Two brothers, ages 7 and 10, stand on a patch of sunburned cabin grass in northwestern Minnesota. They've just returned from a panfish hunt with their father's cousin—a widower with a heart of gold, a Teddy Roosevelt mustache, and a 14-foot Lund. The old-timer kneels between them and hands each boy an end of a stringer. Hanging there like jackets on a coat rack are 18 bluegills the trio caught that morning on a glorified pond near Detroit Lakes. As captain and crew squeeze in for a photo, the rope sags under the weight of the fish. For a moment, time stands still.
My dad took that photo in the summer of 1990, and it shows in the neon colors worn by my younger brother and me. But replace our surfwear with cuffed Levis and it could be 1950 thanks to the sunny's longtime status as the starter fish of choice for Minnesota anglers. Its small size, indiscriminate palate (hot dog bait, anyone?), and bright coloring make it especially popular with children. Parents love them, too, if only because cute fish plus cute kid equals photographic gold. In this way, bluegills, pumpkinseeds, and other sunfish species might be the most documented fish in Minnesota history—timeless symbols of slow-cooked summer days and childhoods spent outdoors.
But symbols are often taken for granted. As Scott Mackenthun reports in "The Sunfish Myth," the characteristics that make sunfish so beloved can put them at risk for overharvesting. If our lakes were buffets, sunnies would be the all-you-can-eat special, an attitude shared by generations of Minnesotans. As a result, the number of large sunfish has declined, leading to special regulations intended to reverse this trend.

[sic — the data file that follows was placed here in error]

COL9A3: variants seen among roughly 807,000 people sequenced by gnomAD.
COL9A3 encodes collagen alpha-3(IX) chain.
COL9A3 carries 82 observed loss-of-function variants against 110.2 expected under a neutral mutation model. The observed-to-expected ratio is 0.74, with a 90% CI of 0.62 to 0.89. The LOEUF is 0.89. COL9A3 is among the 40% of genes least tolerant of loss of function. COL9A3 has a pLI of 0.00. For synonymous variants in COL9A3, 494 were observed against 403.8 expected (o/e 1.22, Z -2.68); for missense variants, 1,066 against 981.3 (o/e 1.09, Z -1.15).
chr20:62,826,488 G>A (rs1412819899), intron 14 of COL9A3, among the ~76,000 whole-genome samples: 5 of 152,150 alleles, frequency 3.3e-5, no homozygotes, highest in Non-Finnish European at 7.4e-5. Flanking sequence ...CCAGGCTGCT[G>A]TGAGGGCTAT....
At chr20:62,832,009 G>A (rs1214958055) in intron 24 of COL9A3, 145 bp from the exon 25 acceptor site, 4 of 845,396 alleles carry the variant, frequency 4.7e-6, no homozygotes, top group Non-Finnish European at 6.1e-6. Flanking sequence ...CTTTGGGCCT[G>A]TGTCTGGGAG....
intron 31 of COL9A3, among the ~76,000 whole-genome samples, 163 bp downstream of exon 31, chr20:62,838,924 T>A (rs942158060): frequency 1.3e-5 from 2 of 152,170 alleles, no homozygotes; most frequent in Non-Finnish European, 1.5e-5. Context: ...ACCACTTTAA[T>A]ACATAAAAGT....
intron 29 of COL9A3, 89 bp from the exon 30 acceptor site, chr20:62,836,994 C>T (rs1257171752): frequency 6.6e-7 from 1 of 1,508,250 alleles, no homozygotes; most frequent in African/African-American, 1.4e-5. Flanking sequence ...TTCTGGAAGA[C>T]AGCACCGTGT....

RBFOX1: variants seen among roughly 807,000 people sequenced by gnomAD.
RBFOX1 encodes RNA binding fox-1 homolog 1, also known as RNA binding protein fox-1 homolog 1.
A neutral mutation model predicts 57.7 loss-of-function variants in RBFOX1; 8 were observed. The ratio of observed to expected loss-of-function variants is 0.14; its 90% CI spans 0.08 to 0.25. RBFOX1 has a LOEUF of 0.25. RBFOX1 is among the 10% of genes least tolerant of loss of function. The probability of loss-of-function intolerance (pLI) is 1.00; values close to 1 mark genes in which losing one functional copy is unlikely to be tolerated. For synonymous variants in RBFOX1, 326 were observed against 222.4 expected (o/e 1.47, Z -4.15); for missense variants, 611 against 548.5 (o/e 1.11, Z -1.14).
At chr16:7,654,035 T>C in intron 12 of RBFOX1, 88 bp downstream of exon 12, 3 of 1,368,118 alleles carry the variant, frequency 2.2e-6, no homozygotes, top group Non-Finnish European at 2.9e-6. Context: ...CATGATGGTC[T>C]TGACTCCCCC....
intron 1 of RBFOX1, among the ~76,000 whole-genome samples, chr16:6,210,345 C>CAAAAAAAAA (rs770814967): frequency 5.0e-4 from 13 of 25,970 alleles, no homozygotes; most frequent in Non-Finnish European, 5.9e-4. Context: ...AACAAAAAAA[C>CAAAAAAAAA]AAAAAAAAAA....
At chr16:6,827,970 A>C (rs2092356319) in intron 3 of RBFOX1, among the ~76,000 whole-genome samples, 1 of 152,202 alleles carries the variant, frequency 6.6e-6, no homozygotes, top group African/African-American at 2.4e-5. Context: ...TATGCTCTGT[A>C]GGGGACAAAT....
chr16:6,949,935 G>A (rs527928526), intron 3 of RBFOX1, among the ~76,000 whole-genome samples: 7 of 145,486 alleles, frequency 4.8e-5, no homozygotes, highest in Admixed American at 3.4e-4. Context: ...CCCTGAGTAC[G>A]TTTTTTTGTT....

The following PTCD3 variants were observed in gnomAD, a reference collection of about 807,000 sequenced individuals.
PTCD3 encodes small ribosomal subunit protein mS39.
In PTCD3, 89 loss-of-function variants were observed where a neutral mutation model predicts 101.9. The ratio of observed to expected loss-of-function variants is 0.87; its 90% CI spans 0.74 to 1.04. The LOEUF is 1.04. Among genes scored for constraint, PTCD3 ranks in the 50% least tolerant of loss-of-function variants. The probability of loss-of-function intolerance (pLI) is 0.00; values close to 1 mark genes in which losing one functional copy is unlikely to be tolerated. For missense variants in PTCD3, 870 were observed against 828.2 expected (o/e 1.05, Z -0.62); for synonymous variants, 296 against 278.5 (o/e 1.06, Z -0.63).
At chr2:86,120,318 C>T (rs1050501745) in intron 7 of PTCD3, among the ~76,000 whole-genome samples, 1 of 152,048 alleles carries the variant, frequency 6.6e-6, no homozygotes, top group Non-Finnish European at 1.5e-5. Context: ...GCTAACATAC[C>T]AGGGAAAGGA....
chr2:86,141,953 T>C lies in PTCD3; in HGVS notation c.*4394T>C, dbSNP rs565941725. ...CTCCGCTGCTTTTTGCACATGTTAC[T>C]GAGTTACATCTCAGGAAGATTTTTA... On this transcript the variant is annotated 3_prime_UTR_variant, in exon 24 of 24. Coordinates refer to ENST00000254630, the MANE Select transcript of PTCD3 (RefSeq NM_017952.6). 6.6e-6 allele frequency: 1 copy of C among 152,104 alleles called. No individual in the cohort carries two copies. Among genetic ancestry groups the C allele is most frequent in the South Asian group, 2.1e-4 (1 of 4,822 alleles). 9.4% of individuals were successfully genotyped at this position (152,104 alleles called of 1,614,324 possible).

Mackenthun's article rewired how I view panfish and made me think more broadly about how and why we use animals as avatars. Sometimes what we project onto a particular species can aid in its survival, a well-known example being the common loon. Perhaps the most evocative symbol of the northern wilderness, the loon became Minnesota's official state bird in 1961, cementing its status as a focal point and icon of the growing conservation movement.
But not all critters are as universally adored as the loon. Some are divisive. What they stand for can change over time. Take the coyote, revered as an intuitive prankster in a number of indigenous mythologies but villainized by the livestock industry for much of the 20th century. According to the National Geographic story "How the Most Hated Animal in America Outwitted Us All," a federally funded extermination plan wiped out some 6.5 million coyotes in the western United States between 1947 and 1956. But the species survived, due in part to unlikely advocates like Walt Disney, who launched a pro-coyote PR campaign in the 1960s. The adaptable canine now inhabits most of the United States, including urban areas like the Twin Cities. Yet it remains a controversial creature, and how you feel about it likely depends on where you live and what you value.
During a free-wheeling conversation in February, Sarah Strommen and I discussed how one's principles can impact the outdoors. The new commissioner of the DNR talked about her role as the first female to lead the agency. She also touched on environmental issues and acknowledged the unique, often emotional, relationship each of us has with nature. I'm glad she went there. As sunfish and other animals show us, public perception and personal values are as relevant to the conservation puzzle as good science and management.
Chris Clayton, editor in chief